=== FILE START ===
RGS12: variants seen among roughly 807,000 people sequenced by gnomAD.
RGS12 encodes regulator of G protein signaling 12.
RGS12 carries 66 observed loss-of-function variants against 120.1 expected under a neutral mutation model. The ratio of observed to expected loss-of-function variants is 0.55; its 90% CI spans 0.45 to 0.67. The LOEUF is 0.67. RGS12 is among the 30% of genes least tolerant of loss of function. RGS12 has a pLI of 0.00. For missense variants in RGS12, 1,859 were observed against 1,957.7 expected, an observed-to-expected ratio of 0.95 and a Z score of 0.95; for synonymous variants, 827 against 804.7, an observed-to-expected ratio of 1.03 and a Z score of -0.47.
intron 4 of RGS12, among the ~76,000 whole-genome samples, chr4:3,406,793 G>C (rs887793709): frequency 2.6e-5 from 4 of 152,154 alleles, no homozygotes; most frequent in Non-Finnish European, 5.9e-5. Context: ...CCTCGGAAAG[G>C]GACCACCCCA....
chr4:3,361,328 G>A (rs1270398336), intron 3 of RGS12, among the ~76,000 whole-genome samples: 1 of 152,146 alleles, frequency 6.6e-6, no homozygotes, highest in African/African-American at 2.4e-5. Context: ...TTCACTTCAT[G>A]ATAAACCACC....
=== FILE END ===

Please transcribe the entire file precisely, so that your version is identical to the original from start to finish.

RGS12: variants seen among roughly 807,000 people sequenced by gnomAD.
RGS12 encodes regulator of G protein signaling 12.
RGS12 carries 66 observed loss-of-function variants against 120.1 expected under a neutral mutation model. The ratio of observed to expected loss-of-function variants is 0.55; its 90% CI spans 0.45 to 0.67. The LOEUF is 0.67. RGS12 is among the 30% of genes least tolerant of loss of function. RGS12 has a pLI of 0.00. For missense variants in RGS12, 1,859 were observed against 1,957.7 expected, an observed-to-expected ratio of 0.95 and a Z score of 0.95; for synonymous variants, 827 against 804.7, an observed-to-expected ratio of 1.03 and a Z score of -0.47.
intron 4 of RGS12, among the ~76,000 whole-genome samples, chr4:3,406,793 G>C (rs887793709): frequency 2.6e-5 from 4 of 152,154 alleles, no homozygotes; most frequent in Non-Finnish European, 5.9e-5. Context: ...CCTCGGAAAG[G>C]GACCACCCCA....
chr4:3,361,328 G>A (rs1270398336), intron 3 of RGS12, among the ~76,000 whole-genome samples: 1 of 152,146 alleles, frequency 6.6e-6, no homozygotes, highest in African/African-American at 2.4e-5. Context: ...TTCACTTCAT[G>A]ATAAACCACC....